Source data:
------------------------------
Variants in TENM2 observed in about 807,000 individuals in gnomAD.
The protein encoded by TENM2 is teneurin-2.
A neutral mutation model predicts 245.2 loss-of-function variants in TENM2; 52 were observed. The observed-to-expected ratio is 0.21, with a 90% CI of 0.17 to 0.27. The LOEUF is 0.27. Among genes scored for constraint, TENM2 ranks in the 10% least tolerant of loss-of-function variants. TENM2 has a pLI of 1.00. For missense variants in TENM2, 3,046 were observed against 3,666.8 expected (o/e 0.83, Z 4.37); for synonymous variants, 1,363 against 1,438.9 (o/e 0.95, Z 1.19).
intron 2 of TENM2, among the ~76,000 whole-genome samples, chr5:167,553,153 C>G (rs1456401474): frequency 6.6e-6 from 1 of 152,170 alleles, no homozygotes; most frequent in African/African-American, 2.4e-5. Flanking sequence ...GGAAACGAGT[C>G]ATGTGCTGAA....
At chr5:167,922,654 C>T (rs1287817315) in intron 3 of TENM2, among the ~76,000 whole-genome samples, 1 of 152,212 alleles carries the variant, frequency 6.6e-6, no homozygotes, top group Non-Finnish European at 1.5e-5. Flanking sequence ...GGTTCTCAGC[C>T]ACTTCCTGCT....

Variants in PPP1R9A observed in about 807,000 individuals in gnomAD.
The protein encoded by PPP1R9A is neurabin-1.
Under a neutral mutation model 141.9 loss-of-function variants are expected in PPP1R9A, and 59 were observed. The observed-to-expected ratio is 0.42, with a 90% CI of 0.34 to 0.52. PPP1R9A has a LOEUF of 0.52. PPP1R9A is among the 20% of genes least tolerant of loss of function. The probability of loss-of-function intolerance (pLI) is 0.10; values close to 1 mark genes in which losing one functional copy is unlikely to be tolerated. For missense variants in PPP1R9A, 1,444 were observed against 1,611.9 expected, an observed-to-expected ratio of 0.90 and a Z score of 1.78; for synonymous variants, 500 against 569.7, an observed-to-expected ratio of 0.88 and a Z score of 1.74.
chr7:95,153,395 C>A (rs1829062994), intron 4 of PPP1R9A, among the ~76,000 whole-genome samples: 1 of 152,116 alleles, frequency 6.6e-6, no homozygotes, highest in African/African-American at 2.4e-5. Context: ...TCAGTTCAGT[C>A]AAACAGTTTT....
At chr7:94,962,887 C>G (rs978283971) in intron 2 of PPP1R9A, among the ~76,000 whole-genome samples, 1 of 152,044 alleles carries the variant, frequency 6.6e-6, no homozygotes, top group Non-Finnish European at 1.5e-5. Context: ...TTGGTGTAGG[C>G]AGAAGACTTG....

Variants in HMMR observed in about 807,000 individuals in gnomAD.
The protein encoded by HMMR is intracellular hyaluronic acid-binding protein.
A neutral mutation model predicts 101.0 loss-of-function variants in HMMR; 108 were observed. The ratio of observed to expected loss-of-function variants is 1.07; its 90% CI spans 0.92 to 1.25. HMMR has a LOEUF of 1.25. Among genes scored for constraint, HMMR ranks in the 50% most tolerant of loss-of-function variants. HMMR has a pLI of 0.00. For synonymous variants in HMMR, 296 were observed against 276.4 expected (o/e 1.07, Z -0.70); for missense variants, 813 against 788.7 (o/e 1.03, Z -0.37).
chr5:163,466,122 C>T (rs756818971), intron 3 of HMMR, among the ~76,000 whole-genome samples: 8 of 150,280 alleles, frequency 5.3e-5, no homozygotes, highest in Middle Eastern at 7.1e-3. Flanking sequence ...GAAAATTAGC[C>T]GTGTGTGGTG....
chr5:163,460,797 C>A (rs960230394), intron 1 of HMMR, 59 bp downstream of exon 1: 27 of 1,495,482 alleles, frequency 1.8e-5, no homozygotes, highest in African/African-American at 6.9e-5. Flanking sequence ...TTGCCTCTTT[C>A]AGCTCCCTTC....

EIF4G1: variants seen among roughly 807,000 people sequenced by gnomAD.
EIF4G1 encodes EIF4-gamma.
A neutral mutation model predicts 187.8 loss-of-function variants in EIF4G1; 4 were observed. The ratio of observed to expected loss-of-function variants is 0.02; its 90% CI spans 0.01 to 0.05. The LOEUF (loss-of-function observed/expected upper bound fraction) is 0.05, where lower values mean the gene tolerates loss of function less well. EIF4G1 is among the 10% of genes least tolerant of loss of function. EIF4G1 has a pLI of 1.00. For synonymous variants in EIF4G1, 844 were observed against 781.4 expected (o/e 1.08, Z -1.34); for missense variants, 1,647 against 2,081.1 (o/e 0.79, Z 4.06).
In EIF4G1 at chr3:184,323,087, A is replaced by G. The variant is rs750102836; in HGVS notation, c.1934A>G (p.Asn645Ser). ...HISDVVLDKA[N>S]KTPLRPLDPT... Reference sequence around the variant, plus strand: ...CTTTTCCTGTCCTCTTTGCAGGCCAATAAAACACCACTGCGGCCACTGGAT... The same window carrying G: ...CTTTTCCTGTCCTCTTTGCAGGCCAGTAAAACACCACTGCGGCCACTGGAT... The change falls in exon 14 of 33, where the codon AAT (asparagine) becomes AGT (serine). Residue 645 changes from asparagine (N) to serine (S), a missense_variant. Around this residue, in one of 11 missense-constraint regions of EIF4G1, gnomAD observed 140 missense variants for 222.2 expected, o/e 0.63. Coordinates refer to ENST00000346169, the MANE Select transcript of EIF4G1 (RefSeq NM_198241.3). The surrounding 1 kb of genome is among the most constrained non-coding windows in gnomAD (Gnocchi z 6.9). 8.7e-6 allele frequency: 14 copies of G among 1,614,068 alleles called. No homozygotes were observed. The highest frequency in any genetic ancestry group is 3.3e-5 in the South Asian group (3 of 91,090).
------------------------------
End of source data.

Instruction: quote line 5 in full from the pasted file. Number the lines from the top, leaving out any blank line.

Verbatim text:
At chr5:167,922,654 C>T (rs1287817315) in intron 3 of TENM2, among the ~76,000 whole-genome samples, 1 of 152,212 alleles carries the variant, frequency 6.6e-6, no homozygotes, top group Non-Finnish European at 1.5e-5. Flanking sequence ...GGTTCTCAGC[C>T]ACTTCCTGCT....